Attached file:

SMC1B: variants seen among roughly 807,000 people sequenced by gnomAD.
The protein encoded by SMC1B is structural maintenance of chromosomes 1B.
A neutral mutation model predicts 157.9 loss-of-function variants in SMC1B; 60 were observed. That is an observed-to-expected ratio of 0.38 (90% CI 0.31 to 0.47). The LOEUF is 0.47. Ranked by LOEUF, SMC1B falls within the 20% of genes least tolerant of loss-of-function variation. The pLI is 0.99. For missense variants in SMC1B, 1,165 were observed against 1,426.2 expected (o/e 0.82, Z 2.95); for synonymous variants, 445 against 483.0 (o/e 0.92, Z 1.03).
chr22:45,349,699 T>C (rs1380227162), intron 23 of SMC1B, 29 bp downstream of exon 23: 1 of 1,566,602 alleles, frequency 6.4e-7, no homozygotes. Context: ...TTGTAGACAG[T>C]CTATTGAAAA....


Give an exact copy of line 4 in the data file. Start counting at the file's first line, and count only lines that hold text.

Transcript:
chr22:45,349,699 T>C (rs1380227162), intron 23 of SMC1B, 29 bp downstream of exon 23: 1 of 1,566,602 alleles, frequency 6.4e-7, no homozygotes. Context: ...TTGTAGACAG[T>C]CTATTGAAAA....